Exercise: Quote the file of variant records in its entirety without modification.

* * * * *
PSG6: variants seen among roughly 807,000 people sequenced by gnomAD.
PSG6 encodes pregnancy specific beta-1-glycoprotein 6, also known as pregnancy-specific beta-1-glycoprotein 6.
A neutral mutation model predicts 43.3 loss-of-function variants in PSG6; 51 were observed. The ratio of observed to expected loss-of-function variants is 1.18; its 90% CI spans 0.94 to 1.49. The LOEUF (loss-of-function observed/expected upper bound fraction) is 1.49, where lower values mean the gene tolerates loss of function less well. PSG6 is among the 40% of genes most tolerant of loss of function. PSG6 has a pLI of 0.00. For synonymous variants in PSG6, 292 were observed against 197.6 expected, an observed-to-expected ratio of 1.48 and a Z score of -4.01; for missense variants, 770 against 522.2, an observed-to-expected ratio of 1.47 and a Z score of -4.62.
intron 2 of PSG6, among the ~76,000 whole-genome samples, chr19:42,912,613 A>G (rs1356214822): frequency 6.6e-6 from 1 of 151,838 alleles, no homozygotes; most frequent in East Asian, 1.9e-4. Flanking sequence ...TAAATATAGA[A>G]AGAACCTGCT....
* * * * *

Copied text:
PSG6: variants seen among roughly 807,000 people sequenced by gnomAD.
PSG6 encodes pregnancy specific beta-1-glycoprotein 6, also known as pregnancy-specific beta-1-glycoprotein 6.
A neutral mutation model predicts 43.3 loss-of-function variants in PSG6; 51 were observed. The ratio of observed to expected loss-of-function variants is 1.18; its 90% CI spans 0.94 to 1.49. The LOEUF (loss-of-function observed/expected upper bound fraction) is 1.49, where lower values mean the gene tolerates loss of function less well. PSG6 is among the 40% of genes most tolerant of loss of function. PSG6 has a pLI of 0.00. For synonymous variants in PSG6, 292 were observed against 197.6 expected, an observed-to-expected ratio of 1.48 and a Z score of -4.01; for missense variants, 770 against 522.2, an observed-to-expected ratio of 1.47 and a Z score of -4.62.
intron 2 of PSG6, among the ~76,000 whole-genome samples, chr19:42,912,613 A>G (rs1356214822): frequency 6.6e-6 from 1 of 151,838 alleles, no homozygotes; most frequent in East Asian, 1.9e-4. Flanking sequence ...TAAATATAGA[A>G]AGAACCTGCT....